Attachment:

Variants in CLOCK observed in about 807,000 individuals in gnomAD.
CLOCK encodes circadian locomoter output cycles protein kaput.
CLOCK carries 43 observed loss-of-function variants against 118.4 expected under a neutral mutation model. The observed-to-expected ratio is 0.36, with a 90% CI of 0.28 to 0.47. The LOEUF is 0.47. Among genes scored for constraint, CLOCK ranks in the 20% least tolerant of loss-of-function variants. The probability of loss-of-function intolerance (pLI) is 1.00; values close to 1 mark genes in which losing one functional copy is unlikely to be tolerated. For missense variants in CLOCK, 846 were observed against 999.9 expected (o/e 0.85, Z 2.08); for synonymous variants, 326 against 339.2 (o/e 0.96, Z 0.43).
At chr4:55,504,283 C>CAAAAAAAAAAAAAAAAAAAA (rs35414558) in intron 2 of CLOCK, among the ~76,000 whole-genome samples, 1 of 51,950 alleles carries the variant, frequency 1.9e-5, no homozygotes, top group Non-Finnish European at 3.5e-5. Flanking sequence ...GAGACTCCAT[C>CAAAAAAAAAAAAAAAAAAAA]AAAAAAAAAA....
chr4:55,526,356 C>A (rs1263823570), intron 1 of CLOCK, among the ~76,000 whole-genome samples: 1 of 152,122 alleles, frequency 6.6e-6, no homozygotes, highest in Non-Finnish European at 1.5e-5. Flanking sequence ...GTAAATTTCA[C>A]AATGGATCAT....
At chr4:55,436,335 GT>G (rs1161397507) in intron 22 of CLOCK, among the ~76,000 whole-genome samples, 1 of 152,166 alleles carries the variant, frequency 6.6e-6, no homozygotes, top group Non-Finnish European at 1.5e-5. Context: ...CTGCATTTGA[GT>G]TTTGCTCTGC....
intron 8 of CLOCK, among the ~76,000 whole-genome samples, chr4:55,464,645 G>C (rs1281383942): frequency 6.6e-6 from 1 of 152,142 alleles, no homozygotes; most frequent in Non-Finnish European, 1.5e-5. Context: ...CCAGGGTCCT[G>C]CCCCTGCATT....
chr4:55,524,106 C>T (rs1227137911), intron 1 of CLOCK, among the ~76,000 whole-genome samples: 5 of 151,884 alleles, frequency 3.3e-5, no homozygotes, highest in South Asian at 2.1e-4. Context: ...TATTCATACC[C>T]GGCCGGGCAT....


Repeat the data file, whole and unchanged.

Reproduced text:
Variants in CLOCK observed in about 807,000 individuals in gnomAD.
CLOCK encodes circadian locomoter output cycles protein kaput.
CLOCK carries 43 observed loss-of-function variants against 118.4 expected under a neutral mutation model. The observed-to-expected ratio is 0.36, with a 90% CI of 0.28 to 0.47. The LOEUF is 0.47. Among genes scored for constraint, CLOCK ranks in the 20% least tolerant of loss-of-function variants. The probability of loss-of-function intolerance (pLI) is 1.00; values close to 1 mark genes in which losing one functional copy is unlikely to be tolerated. For missense variants in CLOCK, 846 were observed against 999.9 expected (o/e 0.85, Z 2.08); for synonymous variants, 326 against 339.2 (o/e 0.96, Z 0.43).
At chr4:55,504,283 C>CAAAAAAAAAAAAAAAAAAAA (rs35414558) in intron 2 of CLOCK, among the ~76,000 whole-genome samples, 1 of 51,950 alleles carries the variant, frequency 1.9e-5, no homozygotes, top group Non-Finnish European at 3.5e-5. Flanking sequence ...GAGACTCCAT[C>CAAAAAAAAAAAAAAAAAAAA]AAAAAAAAAA....
chr4:55,526,356 C>A (rs1263823570), intron 1 of CLOCK, among the ~76,000 whole-genome samples: 1 of 152,122 alleles, frequency 6.6e-6, no homozygotes, highest in Non-Finnish European at 1.5e-5. Flanking sequence ...GTAAATTTCA[C>A]AATGGATCAT....
At chr4:55,436,335 GT>G (rs1161397507) in intron 22 of CLOCK, among the ~76,000 whole-genome samples, 1 of 152,166 alleles carries the variant, frequency 6.6e-6, no homozygotes, top group Non-Finnish European at 1.5e-5. Context: ...CTGCATTTGA[GT>G]TTTGCTCTGC....
intron 8 of CLOCK, among the ~76,000 whole-genome samples, chr4:55,464,645 G>C (rs1281383942): frequency 6.6e-6 from 1 of 152,142 alleles, no homozygotes; most frequent in Non-Finnish European, 1.5e-5. Context: ...CCAGGGTCCT[G>C]CCCCTGCATT....
chr4:55,524,106 C>T (rs1227137911), intron 1 of CLOCK, among the ~76,000 whole-genome samples: 5 of 151,884 alleles, frequency 3.3e-5, no homozygotes, highest in South Asian at 2.1e-4. Context: ...TATTCATACC[C>T]GGCCGGGCAT....